11 January 2009

Arundo Treatment in Carbon Canyon Forthcoming?

At a December public meeting at a Brea City Council meeting concerning the proposed Canyon Crest housing development, a recommendation was made by Claire Schlotterbeck of Hills For Everyone, a major opponent to the project, that the aftermath of November's Freeway Complex Fire, which burned most of the Brea portion of Carbon Canyon, provided a golden opportunity to deal with the highly invasive arundo donax (the above photo from 26 November 2008 shows some burned areas of arundo and a few small sprouts of new growth only a week after the fire.)

The plant, a perennial reed, seems to have originated in the Mediterranean and spread east through the Middle East to India. It has evidently been in California since the 1820s and was brought for roofing material and erosion control in drainage canals, but it has also proved to be very problematic in crowding out other plans and organisms in environments such as Carbon [Canyon] Creek. Morevoer, it is a highly flammable material (the November fires amply demonstrated this.)

One of the difficulties in eradicating the plant, in addition to its durability, is its incredible growth rate, deep roots and ease of spreading. It can grow by several inches per day and reach twenty-five feet in height, making it one of the fastest-growing terrestrial plants.

Interestingly, arundo has been cultivated for many useful purposes, including fishing rods, walking sticks, paper, and a base material for woodwind musical instruments. There has even been talk of its adaptability for biomass and biofuel, because of its extremely rapid growth and yields, at twenty-five tons per acre twice annually, and the fact that it doesn't need to be replanted for some quarter of a century or treated with pesticides and chemical fertilizers. Samoa Pacific, a lumber company in Humboldt County in northwestern California, even considered growing it for paper several years ago.

The problem in treating arundo for removal is that the plant's prodigal toughness, height, density and rapid spread and growth mean a very rigorous program of treatment over several years is required. Because of the fires, however, most of the above-ground portions of the plant have largely been burnt off, although there is quick regrowth going on. A considerable amount of time and money will be saved if treatment with chemical spraying and physical removal can begin soon.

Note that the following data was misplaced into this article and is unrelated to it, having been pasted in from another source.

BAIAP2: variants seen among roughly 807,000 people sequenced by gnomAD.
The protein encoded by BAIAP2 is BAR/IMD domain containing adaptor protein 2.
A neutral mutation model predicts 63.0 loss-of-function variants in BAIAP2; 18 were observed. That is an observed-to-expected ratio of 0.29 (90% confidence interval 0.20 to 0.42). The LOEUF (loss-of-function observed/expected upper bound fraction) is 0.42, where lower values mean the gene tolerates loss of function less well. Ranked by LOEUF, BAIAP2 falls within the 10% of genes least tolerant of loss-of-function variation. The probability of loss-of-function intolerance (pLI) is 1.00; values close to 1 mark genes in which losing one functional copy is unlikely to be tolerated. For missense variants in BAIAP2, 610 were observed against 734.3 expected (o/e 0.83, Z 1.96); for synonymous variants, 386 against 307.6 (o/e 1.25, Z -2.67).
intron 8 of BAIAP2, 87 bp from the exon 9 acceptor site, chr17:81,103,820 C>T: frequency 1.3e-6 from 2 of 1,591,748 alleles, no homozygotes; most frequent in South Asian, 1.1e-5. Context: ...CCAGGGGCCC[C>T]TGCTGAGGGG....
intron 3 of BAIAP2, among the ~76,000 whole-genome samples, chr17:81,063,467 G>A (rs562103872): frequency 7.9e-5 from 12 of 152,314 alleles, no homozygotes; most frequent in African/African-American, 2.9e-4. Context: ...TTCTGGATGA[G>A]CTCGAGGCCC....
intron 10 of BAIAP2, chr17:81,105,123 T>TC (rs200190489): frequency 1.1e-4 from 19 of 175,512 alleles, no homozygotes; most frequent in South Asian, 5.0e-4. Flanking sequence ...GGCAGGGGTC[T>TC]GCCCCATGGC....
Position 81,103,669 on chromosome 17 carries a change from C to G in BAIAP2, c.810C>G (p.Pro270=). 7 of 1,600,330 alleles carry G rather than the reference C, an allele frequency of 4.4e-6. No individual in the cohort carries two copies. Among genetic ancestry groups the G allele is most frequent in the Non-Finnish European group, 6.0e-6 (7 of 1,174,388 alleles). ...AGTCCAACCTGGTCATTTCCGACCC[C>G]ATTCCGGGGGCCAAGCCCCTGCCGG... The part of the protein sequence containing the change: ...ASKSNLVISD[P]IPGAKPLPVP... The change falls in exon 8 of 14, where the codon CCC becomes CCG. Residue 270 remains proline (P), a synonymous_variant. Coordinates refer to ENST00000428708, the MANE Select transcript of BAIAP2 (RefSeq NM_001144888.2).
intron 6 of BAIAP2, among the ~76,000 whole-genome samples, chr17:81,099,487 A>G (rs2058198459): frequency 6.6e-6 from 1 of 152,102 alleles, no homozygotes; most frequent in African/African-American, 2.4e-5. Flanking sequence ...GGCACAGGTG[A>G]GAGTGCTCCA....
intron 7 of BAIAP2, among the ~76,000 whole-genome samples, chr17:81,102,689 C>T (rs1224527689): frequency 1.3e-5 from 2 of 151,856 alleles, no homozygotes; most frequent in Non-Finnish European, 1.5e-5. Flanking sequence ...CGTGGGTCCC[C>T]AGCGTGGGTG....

At the December meeting, council instructed staff to investigate the arundo removal process and it appears that there has been some action, to the extent that initial spraying could begin in late February when the new growth is extensive enough in height, but not density, so that leaves will absorb the herbicide, which then migrates to the roots. There is about a twenty-five acre area involved, but the area needs to be monitored for five years. At the moment, there needs to be a lead agency to direct the process.

Even though the U. S. Army Corps of Engineers has overarching jurisdiction over the creek because of its role in the flood control system run by the Corps involving Carbon Canyon Dam, it is unclear whether the agency will assume that lead position.

So, let's hope that there can be some meaningful, and sustained, progress against this infestation, which has been getting very close to the Chino Hills portions of the creek in recent years.

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